Once the bottoms are browned aggressively, it's flip, cheese, stack, and serve. Though the burgers are mostly cooked through to medium, the juices haven't had time to go anywhere (and the melty—ideally American—cheese doesn't hurt, either).

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Top Comment:
“When edges of burger are caramelized, flip burger, smash down with spatula, top with cheese, and continue cooking until done (about another minute). Serve on a toasted bun with ketchup, mayonnaise, mustard and dill pickle chips. So simple and so yummy. Also leaves a lot of grease spatter to clean up, but totally worth it! ”
— cyndilurks

I love this variation because it's very much my kind of burger, for all the reasons I've been describing (did you see when I said "most umami-fied" up there?)—I've never been drawn to burgers that are taller than my mouth.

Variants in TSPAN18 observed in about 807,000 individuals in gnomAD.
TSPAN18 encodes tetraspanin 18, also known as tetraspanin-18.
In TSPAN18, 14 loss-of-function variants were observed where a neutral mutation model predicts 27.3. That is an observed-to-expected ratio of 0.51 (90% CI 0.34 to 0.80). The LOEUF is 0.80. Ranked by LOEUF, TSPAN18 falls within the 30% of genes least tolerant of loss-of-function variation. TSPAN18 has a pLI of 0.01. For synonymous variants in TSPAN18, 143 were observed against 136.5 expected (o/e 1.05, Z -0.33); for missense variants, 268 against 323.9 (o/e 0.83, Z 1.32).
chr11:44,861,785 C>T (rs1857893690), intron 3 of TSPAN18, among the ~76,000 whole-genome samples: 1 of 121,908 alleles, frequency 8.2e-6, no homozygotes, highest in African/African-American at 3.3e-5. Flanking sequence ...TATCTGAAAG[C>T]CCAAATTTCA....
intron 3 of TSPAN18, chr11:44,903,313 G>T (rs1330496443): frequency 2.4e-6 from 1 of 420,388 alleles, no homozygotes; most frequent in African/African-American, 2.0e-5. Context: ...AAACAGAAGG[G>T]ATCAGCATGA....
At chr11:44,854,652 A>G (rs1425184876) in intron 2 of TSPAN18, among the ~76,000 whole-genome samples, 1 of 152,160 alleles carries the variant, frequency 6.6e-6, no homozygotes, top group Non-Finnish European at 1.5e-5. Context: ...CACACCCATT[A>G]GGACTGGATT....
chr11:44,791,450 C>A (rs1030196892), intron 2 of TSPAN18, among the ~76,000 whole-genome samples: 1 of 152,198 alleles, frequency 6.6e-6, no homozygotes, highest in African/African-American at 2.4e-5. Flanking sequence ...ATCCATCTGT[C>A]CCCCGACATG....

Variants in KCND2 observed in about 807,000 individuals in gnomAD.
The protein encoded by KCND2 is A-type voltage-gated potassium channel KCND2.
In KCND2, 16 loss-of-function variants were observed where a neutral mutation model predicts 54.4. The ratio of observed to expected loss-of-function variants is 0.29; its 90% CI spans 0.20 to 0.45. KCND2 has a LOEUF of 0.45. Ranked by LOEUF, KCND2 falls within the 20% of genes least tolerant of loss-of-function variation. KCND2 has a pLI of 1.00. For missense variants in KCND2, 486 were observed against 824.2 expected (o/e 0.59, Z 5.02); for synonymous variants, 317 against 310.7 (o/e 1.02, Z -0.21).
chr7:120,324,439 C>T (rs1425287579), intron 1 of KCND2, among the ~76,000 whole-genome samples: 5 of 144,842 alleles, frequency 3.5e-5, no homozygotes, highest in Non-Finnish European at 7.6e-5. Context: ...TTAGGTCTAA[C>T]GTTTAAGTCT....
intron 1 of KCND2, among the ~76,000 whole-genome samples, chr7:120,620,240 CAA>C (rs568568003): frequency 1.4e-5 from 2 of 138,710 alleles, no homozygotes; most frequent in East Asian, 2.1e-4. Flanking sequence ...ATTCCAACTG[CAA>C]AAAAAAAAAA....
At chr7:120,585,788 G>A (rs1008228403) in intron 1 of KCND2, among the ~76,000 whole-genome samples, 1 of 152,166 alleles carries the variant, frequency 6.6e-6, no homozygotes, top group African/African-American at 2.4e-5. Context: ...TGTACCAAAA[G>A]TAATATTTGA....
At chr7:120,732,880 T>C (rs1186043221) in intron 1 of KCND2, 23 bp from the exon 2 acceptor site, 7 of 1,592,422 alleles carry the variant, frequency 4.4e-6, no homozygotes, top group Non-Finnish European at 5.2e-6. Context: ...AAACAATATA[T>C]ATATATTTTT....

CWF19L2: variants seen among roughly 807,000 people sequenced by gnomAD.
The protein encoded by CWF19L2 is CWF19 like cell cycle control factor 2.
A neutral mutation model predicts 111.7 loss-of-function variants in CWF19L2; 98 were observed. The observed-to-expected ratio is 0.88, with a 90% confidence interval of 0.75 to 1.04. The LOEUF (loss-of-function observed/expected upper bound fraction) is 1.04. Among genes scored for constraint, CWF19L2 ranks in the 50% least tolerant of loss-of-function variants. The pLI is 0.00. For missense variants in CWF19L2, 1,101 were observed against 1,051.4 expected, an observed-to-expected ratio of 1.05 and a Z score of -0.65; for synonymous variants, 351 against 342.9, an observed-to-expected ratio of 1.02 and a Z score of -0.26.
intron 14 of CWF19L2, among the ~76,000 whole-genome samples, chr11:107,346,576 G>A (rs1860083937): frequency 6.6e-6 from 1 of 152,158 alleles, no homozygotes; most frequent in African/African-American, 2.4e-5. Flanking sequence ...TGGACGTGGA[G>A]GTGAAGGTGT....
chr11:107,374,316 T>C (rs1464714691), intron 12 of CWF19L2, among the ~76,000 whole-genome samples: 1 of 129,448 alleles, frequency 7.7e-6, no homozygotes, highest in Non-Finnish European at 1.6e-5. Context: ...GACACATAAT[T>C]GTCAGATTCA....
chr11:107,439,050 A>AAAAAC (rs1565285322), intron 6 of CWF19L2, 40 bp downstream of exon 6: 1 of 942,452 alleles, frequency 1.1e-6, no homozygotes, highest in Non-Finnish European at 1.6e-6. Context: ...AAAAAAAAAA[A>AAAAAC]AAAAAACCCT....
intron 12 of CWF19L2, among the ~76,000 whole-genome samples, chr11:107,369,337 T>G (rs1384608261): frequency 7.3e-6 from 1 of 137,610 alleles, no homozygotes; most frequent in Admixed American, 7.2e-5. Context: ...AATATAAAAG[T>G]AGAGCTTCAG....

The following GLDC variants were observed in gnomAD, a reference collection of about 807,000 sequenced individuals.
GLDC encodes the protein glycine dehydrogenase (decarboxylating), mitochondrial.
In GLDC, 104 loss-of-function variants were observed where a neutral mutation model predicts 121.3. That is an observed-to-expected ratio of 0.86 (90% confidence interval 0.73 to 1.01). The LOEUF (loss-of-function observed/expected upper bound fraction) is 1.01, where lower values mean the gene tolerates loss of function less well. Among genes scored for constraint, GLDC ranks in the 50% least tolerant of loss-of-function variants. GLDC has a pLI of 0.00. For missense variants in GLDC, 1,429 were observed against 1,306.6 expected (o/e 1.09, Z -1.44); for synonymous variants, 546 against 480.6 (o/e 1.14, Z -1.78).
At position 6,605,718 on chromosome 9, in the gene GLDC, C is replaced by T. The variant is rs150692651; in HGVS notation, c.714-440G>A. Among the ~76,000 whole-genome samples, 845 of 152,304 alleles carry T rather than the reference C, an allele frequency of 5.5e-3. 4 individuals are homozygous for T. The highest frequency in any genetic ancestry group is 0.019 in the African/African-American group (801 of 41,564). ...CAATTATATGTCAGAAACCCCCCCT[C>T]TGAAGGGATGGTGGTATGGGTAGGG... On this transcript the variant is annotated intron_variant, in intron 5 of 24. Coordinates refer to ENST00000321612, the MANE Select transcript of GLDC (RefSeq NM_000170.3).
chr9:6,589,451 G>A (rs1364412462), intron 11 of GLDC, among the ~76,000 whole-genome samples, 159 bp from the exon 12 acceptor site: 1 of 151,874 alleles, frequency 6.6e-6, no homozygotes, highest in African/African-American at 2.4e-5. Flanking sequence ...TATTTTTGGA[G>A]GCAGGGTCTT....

Psst, you actually want to scrape up all that browned amazingness on the pan when you flip. Who cooked this thing, anyway?

(If you're looking for a hefty, rarer prize of a burger, you'll need to modify the technique. In the cookbook, Kenji's guidelines for the original Smash Burger can help you.)

But even more than the noted benefits of smashing, I love this burger because it takes out pretty much all guesswork. As long as you have an extremely hot pan and you follow the protocol, this all happens so fast that you don't need to test anything for doneness, or worry much about under or overcooking—you just need to move.

And then eat. And then tell me if this isn't the best damn cheeseburger you've ever made.

Got a genius recipe to share—from a classic cookbook, an online source, or anywhere, really? Please send it my way (and tell me what's so smart about it) at [email protected].

This article originally ran in May of 2016.

Photos by Mark Weinberg